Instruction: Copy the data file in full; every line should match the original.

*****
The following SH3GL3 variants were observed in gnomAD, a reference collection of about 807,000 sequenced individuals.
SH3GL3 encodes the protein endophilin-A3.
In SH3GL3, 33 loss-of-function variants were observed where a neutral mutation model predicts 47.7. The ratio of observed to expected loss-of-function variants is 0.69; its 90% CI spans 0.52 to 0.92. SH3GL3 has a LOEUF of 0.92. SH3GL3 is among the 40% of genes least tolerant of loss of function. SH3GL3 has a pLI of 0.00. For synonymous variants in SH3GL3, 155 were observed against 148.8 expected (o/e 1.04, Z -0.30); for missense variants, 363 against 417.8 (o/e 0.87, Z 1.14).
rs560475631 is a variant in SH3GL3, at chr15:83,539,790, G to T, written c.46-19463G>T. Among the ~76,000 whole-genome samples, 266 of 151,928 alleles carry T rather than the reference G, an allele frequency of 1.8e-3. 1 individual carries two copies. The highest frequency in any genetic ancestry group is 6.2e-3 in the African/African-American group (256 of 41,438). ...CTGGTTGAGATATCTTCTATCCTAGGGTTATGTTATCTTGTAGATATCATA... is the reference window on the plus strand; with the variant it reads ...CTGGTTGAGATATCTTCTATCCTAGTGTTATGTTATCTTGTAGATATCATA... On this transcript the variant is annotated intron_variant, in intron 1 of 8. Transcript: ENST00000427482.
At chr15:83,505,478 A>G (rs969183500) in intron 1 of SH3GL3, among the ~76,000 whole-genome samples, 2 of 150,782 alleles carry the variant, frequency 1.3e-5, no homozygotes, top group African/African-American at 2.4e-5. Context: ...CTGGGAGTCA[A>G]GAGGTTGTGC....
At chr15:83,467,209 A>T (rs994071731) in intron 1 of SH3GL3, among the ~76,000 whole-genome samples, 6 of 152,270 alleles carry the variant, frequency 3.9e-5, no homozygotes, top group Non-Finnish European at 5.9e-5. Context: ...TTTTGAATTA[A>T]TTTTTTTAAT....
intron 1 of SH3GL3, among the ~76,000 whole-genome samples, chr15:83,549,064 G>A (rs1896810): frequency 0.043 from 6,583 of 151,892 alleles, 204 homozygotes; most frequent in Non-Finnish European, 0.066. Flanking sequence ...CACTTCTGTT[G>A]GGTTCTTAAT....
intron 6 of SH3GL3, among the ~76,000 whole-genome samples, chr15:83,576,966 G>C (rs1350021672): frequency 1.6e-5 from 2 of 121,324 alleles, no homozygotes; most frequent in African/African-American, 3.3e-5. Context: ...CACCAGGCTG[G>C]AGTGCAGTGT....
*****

The following SH3GL3 variants were observed in gnomAD, a reference collection of about 807,000 sequenced individuals.
SH3GL3 encodes the protein endophilin-A3.
In SH3GL3, 33 loss-of-function variants were observed where a neutral mutation model predicts 47.7. The ratio of observed to expected loss-of-function variants is 0.69; its 90% CI spans 0.52 to 0.92. SH3GL3 has a LOEUF of 0.92. SH3GL3 is among the 40% of genes least tolerant of loss of function. SH3GL3 has a pLI of 0.00. For synonymous variants in SH3GL3, 155 were observed against 148.8 expected (o/e 1.04, Z -0.30); for missense variants, 363 against 417.8 (o/e 0.87, Z 1.14).
rs560475631 is a variant in SH3GL3, at chr15:83,539,790, G to T, written c.46-19463G>T. Among the ~76,000 whole-genome samples, 266 of 151,928 alleles carry T rather than the reference G, an allele frequency of 1.8e-3. 1 individual carries two copies. The highest frequency in any genetic ancestry group is 6.2e-3 in the African/African-American group (256 of 41,438). ...CTGGTTGAGATATCTTCTATCCTAGGGTTATGTTATCTTGTAGATATCATA... is the reference window on the plus strand; with the variant it reads ...CTGGTTGAGATATCTTCTATCCTAGTGTTATGTTATCTTGTAGATATCATA... On this transcript the variant is annotated intron_variant, in intron 1 of 8. Transcript: ENST00000427482.
At chr15:83,505,478 A>G (rs969183500) in intron 1 of SH3GL3, among the ~76,000 whole-genome samples, 2 of 150,782 alleles carry the variant, frequency 1.3e-5, no homozygotes, top group African/African-American at 2.4e-5. Context: ...CTGGGAGTCA[A>G]GAGGTTGTGC....
At chr15:83,467,209 A>T (rs994071731) in intron 1 of SH3GL3, among the ~76,000 whole-genome samples, 6 of 152,270 alleles carry the variant, frequency 3.9e-5, no homozygotes, top group Non-Finnish European at 5.9e-5. Context: ...TTTTGAATTA[A>T]TTTTTTTAAT....
intron 1 of SH3GL3, among the ~76,000 whole-genome samples, chr15:83,549,064 G>A (rs1896810): frequency 0.043 from 6,583 of 151,892 alleles, 204 homozygotes; most frequent in Non-Finnish European, 0.066. Flanking sequence ...CACTTCTGTT[G>A]GGTTCTTAAT....
intron 6 of SH3GL3, among the ~76,000 whole-genome samples, chr15:83,576,966 G>C (rs1350021672): frequency 1.6e-5 from 2 of 121,324 alleles, no homozygotes; most frequent in African/African-American, 3.3e-5. Context: ...CACCAGGCTG[G>C]AGTGCAGTGT....